Science, Ecology and Romanticism in George Catlin’s travelling "Indian Gallery"
Status: This talk is in preparation - details may change
Status: This talk has been cancelled
This meeting has been cancelled.
Over the course of five visits to the American West in the 1830s, George Catlin (b.1796) created a collection of Native American portraits and artifacts, which he toured using a range of performance strategies such as lectures and audience participation. While most scholarship focuses either on figurations of the ‘vanishing Indian’ in his paintings or the museological aspects of his gallery, my paper characterises Catlin’s work as occupying a point of juncture between European and American romanticism, and between literary/artistic Romantic movements and burgeoning scientific disciplines. I apply to visual culture the suggestion of Bruce Greenfield, who argues that American romantic literature, particularly Thoreau, provided imaginative ‘first contacts’ through which readers could ‘know’ the land. Catlin’s gallery, however, provided frontier simulations that were multi-sensorial, engaging a more embodied form of knowledge. I also develop the work of Richard Sha, who argues that Romanticism was linked with science via the role of the imagination. By considering the spatial-temporal experiences of particular forms of visual culture, I chart the ways in which Catlin’s gallery engaged (historical) imagination and sewed lines between ecology, anthropology, and history.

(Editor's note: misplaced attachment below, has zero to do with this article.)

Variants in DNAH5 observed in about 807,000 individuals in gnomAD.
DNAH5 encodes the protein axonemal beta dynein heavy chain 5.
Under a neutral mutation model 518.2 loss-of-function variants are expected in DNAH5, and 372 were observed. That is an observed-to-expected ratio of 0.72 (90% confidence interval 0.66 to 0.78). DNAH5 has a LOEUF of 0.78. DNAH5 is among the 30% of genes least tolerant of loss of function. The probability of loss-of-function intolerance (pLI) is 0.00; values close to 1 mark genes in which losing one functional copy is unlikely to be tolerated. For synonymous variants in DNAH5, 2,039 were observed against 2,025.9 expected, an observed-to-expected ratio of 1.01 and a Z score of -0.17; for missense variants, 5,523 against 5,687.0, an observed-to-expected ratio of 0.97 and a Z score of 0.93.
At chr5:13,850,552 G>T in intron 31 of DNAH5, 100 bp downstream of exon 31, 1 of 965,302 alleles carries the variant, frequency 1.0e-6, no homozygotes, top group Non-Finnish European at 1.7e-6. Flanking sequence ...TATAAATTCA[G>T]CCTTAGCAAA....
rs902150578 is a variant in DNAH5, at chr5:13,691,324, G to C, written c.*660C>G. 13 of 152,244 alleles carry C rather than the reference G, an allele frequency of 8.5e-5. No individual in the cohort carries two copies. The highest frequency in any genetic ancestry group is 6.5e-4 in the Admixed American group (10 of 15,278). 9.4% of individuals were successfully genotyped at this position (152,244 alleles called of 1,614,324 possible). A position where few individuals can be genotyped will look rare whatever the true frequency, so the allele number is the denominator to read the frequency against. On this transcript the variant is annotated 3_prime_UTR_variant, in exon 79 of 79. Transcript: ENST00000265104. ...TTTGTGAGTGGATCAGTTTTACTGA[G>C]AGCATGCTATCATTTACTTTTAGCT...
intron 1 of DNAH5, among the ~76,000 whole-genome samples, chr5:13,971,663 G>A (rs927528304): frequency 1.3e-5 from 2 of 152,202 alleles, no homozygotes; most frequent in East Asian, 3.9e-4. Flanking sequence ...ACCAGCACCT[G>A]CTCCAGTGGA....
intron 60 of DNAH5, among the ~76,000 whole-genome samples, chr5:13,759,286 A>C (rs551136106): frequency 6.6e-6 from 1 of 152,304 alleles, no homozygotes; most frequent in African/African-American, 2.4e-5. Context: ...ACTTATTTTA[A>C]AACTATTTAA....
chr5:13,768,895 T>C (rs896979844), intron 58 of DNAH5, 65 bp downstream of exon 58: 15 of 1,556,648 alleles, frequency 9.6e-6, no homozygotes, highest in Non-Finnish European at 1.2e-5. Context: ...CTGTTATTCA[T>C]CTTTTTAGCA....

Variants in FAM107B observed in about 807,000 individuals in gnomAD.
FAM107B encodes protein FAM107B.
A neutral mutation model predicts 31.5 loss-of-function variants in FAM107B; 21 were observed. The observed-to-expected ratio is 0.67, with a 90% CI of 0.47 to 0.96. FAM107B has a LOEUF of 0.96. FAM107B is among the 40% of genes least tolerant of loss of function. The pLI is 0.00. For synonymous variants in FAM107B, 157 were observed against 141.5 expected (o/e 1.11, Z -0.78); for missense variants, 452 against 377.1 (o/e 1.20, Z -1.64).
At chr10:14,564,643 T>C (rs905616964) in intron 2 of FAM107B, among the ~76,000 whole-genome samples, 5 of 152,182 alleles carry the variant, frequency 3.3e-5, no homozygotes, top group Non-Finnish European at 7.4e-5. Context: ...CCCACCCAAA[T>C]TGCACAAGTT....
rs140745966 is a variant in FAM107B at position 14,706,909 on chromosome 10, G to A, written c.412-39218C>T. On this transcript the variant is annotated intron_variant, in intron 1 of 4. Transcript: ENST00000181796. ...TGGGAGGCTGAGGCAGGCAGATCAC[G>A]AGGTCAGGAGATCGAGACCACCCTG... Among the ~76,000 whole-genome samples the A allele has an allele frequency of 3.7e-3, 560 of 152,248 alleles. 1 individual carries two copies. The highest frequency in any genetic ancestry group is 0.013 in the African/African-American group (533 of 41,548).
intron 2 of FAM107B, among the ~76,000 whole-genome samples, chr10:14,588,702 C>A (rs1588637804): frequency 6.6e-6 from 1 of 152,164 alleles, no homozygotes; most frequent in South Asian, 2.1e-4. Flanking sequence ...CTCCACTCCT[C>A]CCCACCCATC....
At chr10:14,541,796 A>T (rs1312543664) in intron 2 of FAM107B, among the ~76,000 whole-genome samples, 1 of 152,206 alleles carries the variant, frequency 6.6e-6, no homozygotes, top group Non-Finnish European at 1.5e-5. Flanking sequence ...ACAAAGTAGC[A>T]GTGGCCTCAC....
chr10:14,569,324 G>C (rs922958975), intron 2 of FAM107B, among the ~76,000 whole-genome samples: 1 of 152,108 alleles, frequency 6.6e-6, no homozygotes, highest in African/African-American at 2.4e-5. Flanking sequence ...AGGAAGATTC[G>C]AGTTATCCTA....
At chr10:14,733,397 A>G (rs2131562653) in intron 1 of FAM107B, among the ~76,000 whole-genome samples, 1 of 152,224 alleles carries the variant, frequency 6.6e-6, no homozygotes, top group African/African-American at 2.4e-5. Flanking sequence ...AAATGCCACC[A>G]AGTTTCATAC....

Date: 30 May 2024, 12:30 (Thursday, 6th week, Trinity 2024)
Venue: History Faculty, George Street OX1 2RL
Venue Details: Merze Tate Room
Speaker: Ruka Hussain
Organising department: Faculty of History
Part of: Environmental History Working Group
Booking required?: Not required
Audience: Members of the University only
Editor: Belinda Clark